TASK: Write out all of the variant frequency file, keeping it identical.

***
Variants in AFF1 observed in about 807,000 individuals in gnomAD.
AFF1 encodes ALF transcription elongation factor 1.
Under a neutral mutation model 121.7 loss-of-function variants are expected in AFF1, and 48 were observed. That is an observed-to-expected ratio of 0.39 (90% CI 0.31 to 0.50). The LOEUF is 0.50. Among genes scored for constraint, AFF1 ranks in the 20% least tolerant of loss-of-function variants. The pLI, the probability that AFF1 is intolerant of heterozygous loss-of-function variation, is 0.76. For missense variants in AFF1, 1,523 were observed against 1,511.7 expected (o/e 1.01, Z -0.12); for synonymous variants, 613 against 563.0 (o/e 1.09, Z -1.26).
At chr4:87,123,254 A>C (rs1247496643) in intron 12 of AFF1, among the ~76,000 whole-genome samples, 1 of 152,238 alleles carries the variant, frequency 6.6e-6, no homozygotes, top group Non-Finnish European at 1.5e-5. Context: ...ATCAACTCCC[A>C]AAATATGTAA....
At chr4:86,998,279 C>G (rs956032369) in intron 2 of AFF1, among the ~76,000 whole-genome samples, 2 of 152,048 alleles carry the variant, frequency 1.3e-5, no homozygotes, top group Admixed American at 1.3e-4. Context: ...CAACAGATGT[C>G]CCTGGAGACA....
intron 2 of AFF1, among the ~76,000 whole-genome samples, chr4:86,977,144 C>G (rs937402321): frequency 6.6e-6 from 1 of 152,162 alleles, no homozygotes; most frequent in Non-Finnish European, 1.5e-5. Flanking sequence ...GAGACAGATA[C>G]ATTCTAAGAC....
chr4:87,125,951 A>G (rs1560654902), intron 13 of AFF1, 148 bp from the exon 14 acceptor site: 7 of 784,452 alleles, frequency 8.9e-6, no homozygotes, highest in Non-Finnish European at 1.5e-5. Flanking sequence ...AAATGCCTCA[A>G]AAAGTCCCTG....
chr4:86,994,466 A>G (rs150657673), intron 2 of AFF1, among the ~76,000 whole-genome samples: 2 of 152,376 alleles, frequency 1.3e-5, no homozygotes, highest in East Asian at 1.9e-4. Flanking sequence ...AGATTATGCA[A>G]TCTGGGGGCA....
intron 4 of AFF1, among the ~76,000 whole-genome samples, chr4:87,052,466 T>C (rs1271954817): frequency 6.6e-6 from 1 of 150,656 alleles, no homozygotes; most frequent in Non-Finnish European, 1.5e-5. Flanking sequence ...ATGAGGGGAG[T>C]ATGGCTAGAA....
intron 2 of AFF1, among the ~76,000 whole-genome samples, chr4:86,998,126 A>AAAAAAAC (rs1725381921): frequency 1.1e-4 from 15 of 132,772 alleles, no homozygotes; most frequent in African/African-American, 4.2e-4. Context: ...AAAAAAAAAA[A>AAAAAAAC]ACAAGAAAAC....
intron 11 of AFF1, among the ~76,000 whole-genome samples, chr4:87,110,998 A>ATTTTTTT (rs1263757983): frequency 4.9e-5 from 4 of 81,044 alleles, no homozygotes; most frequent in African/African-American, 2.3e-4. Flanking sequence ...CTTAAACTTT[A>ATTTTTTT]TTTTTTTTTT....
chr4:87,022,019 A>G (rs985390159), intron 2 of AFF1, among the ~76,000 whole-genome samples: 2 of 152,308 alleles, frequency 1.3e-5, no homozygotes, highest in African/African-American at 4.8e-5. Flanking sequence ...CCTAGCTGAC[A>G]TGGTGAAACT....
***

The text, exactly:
Variants in AFF1 observed in about 807,000 individuals in gnomAD.
AFF1 encodes ALF transcription elongation factor 1.
Under a neutral mutation model 121.7 loss-of-function variants are expected in AFF1, and 48 were observed. That is an observed-to-expected ratio of 0.39 (90% CI 0.31 to 0.50). The LOEUF is 0.50. Among genes scored for constraint, AFF1 ranks in the 20% least tolerant of loss-of-function variants. The pLI, the probability that AFF1 is intolerant of heterozygous loss-of-function variation, is 0.76. For missense variants in AFF1, 1,523 were observed against 1,511.7 expected (o/e 1.01, Z -0.12); for synonymous variants, 613 against 563.0 (o/e 1.09, Z -1.26).
At chr4:87,123,254 A>C (rs1247496643) in intron 12 of AFF1, among the ~76,000 whole-genome samples, 1 of 152,238 alleles carries the variant, frequency 6.6e-6, no homozygotes, top group Non-Finnish European at 1.5e-5. Context: ...ATCAACTCCC[A>C]AAATATGTAA....
At chr4:86,998,279 C>G (rs956032369) in intron 2 of AFF1, among the ~76,000 whole-genome samples, 2 of 152,048 alleles carry the variant, frequency 1.3e-5, no homozygotes, top group Admixed American at 1.3e-4. Context: ...CAACAGATGT[C>G]CCTGGAGACA....
intron 2 of AFF1, among the ~76,000 whole-genome samples, chr4:86,977,144 C>G (rs937402321): frequency 6.6e-6 from 1 of 152,162 alleles, no homozygotes; most frequent in Non-Finnish European, 1.5e-5. Flanking sequence ...GAGACAGATA[C>G]ATTCTAAGAC....
chr4:87,125,951 A>G (rs1560654902), intron 13 of AFF1, 148 bp from the exon 14 acceptor site: 7 of 784,452 alleles, frequency 8.9e-6, no homozygotes, highest in Non-Finnish European at 1.5e-5. Flanking sequence ...AAATGCCTCA[A>G]AAAGTCCCTG....
chr4:86,994,466 A>G (rs150657673), intron 2 of AFF1, among the ~76,000 whole-genome samples: 2 of 152,376 alleles, frequency 1.3e-5, no homozygotes, highest in East Asian at 1.9e-4. Flanking sequence ...AGATTATGCA[A>G]TCTGGGGGCA....
intron 4 of AFF1, among the ~76,000 whole-genome samples, chr4:87,052,466 T>C (rs1271954817): frequency 6.6e-6 from 1 of 150,656 alleles, no homozygotes; most frequent in Non-Finnish European, 1.5e-5. Flanking sequence ...ATGAGGGGAG[T>C]ATGGCTAGAA....
intron 2 of AFF1, among the ~76,000 whole-genome samples, chr4:86,998,126 A>AAAAAAAC (rs1725381921): frequency 1.1e-4 from 15 of 132,772 alleles, no homozygotes; most frequent in African/African-American, 4.2e-4. Context: ...AAAAAAAAAA[A>AAAAAAAC]ACAAGAAAAC....
intron 11 of AFF1, among the ~76,000 whole-genome samples, chr4:87,110,998 A>ATTTTTTT (rs1263757983): frequency 4.9e-5 from 4 of 81,044 alleles, no homozygotes; most frequent in African/African-American, 2.3e-4. Flanking sequence ...CTTAAACTTT[A>ATTTTTTT]TTTTTTTTTT....
chr4:87,022,019 A>G (rs985390159), intron 2 of AFF1, among the ~76,000 whole-genome samples: 2 of 152,308 alleles, frequency 1.3e-5, no homozygotes, highest in African/African-American at 4.8e-5. Flanking sequence ...CCTAGCTGAC[A>G]TGGTGAAACT....